Heme oxygenase (HO) is the rate-limiting enzyme in the oxidation of heme to biliverdin and carbon monoxide (CO). There are three isoenzymes of HO: HO-1, an inducible isoform, and HO-2 and HO-3, which are constitutively synthesized. Induction of the important cytoprotective molecule HO-1 has been shown to have vasodilatory, anti-inflammatory, and pro-apoptotic effects mediated through CO and bilirubin.[10, 11] HO-1 expression is upregulated in several pulmonary diseases and can be induced by simvastatin treatment. Previous studies have shown that raising endogenous HO-1 levels prevented CH-induced PH (CH-PH), and that HO-1 transgenic mice were protected from the development of PH and vessel wall hypertrophy induced by CH.[13, 14] Moreover, HO-1 is a target site of statins in endothelial cells leading to HO-1 promoter activation, transcript and protein accumulation. Simvastatin activates HO-1 expression through p38 and the phosphoinositide 3-kinase-Akt pathways which mediate its anti-inflammatory and anti-proliferative effects in vitro and in vivo. Previously, our research group has also demonstrated that simvastatin could protect the liver from ischemia-reperfusion injury by HO-1 induction. Therefore, we hypothesized here that simvastatin therapy could ameliorate PH severity in MCT-induced PH (MCT-PH) and CH-PH in the rat, and that HO-1 dependent pathways would be important mechanisms of the protective effects of simvastatin.
Animal Treatments and Groups
Female Wistar rats weighing between 200 and 250 g were used in our experiments. All animal care and experiments were performed in accordance with the Guide for the Care and Use of Animals (National Academy Press, Washington, DC, 1996). All protocols used in this study were approved by the Laboratory Animal Care Committee of National Taiwan University College of Medicine.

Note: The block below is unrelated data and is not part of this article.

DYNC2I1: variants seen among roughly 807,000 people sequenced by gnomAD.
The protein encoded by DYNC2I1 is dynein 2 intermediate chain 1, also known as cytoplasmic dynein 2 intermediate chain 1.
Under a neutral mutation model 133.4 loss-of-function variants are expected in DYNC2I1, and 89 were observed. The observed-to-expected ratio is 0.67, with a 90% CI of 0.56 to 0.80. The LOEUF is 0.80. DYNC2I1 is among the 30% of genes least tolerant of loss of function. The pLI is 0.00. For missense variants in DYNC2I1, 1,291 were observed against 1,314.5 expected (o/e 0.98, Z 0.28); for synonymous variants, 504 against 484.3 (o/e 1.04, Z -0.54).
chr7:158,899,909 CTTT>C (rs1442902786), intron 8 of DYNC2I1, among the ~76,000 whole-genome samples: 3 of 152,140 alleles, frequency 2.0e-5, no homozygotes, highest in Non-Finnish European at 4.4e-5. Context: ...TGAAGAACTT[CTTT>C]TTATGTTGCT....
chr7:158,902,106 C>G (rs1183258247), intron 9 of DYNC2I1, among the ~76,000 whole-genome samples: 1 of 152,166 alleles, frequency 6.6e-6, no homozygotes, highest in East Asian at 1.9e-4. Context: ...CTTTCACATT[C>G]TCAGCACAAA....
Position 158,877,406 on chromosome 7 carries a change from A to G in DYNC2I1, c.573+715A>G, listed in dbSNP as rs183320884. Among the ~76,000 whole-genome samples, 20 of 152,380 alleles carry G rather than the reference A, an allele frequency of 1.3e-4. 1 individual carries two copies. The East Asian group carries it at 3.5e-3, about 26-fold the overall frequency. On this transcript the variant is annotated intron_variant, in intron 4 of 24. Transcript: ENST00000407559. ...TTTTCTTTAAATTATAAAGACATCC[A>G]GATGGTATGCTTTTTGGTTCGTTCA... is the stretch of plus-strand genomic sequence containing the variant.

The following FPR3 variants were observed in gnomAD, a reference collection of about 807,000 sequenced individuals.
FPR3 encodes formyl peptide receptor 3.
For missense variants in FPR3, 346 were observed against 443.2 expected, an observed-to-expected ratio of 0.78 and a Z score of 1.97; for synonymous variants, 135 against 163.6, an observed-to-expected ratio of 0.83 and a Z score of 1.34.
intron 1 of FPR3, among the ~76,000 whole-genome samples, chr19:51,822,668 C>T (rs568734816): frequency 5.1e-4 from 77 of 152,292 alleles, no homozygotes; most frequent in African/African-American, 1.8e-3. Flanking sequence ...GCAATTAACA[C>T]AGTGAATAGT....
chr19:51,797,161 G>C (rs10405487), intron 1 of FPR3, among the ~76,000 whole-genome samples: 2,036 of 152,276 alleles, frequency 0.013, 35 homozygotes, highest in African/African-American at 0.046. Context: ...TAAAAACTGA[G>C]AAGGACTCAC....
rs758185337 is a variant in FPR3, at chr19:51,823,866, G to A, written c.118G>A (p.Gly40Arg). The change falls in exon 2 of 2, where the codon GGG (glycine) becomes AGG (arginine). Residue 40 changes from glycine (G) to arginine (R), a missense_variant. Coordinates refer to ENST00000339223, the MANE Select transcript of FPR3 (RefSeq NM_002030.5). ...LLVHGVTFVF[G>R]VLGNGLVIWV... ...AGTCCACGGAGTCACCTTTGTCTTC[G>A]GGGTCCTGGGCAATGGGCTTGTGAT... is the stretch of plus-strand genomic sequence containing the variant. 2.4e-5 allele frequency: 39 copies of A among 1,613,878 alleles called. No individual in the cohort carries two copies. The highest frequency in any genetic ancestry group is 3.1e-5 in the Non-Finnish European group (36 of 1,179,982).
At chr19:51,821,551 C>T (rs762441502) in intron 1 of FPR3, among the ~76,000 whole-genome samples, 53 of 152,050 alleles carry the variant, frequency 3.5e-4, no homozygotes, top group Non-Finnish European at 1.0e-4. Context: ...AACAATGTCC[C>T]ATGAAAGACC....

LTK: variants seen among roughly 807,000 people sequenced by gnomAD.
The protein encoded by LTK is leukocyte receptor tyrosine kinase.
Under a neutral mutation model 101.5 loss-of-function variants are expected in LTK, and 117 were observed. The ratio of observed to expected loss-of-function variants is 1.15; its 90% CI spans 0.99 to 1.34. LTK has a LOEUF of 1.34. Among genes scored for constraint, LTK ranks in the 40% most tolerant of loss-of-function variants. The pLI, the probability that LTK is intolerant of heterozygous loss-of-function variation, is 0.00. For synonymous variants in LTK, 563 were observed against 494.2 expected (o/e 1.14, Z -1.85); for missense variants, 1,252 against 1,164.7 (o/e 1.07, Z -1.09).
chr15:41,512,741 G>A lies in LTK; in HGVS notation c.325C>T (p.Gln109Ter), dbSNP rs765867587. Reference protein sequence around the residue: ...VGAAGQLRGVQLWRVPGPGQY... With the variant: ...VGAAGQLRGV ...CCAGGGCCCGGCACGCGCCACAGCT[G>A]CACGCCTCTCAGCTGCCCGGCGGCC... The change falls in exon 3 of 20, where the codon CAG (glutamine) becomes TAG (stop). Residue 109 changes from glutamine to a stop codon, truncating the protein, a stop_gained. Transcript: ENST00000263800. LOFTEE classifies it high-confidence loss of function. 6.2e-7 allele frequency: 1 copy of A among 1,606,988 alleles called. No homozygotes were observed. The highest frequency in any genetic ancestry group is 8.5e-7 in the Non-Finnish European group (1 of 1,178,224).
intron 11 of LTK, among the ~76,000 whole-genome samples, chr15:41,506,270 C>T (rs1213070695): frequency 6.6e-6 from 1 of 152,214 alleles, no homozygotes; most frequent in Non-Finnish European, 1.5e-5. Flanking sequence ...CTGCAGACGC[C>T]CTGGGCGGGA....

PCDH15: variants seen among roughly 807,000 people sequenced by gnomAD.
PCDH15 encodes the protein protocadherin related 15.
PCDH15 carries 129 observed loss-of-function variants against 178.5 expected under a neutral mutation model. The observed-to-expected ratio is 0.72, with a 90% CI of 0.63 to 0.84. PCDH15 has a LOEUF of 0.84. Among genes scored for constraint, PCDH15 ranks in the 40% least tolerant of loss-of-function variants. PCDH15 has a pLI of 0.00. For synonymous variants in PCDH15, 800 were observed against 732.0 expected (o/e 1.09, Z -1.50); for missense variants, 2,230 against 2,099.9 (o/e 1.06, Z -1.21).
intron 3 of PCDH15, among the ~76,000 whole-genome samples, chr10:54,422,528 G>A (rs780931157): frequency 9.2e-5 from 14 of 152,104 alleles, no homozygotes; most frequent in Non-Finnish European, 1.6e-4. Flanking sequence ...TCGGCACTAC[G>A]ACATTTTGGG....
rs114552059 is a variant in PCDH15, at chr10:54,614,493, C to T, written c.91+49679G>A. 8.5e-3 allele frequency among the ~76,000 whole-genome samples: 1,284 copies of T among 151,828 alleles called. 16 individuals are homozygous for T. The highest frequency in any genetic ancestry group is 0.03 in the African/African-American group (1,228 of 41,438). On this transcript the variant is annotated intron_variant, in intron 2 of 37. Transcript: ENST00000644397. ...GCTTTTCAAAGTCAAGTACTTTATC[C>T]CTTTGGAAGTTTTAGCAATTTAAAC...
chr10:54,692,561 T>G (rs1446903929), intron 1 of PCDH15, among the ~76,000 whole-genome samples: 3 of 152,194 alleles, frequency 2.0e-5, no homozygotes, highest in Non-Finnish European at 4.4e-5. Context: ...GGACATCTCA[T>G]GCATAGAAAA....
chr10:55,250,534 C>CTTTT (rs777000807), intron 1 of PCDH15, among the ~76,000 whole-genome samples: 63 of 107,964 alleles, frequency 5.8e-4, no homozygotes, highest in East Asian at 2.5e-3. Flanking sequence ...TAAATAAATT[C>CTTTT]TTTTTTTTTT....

Pulmonary Hypertension Animal Models
Rats in the MCT-PH groups were subcutaneously injected with monocrotaline (MCT, 60 mg/kg of body weight (kgw); Sigma-Aldrich, St. Louis, MO) on day 1. For 24 days, rats in the CH-PH groups were placed in an altitude chamber (hypobaric chamber) from 5 p.m. to 8 a.m. each day (intermittent exposure) and breathed air at normal (sea level) air pressure the rest of the time. A simulated altitude of 5,500 m (380 torr) was selected because it represents the maximal altitude to which most rats can successfully adapt. Food and water were freely available at all times, and the animals were maintained at a constant temperature on a normal light cycle.
Pulmonary hypertension rat models and pharmacologic treatment in the ten experimental groups
Normal control (N)
Simvastatin on days 21~23
MCT on day 1
MCT on day 1; simvastatin on days 21~23
MCT on day 1; co-treated with simvastatin and SnPP on days 21~23
MCT on day 1; SnPP on days 21~23
Chronic Hypoxia (H)
Placed in a hypobaric chamber for 24 days
Chronic Hypoxia+Simvastatin (HS)
Chronic hypoxia for 24 days, simvastatin on days 21~23
Chronic Hypoxia+Simvastatin+SnPP (HSP)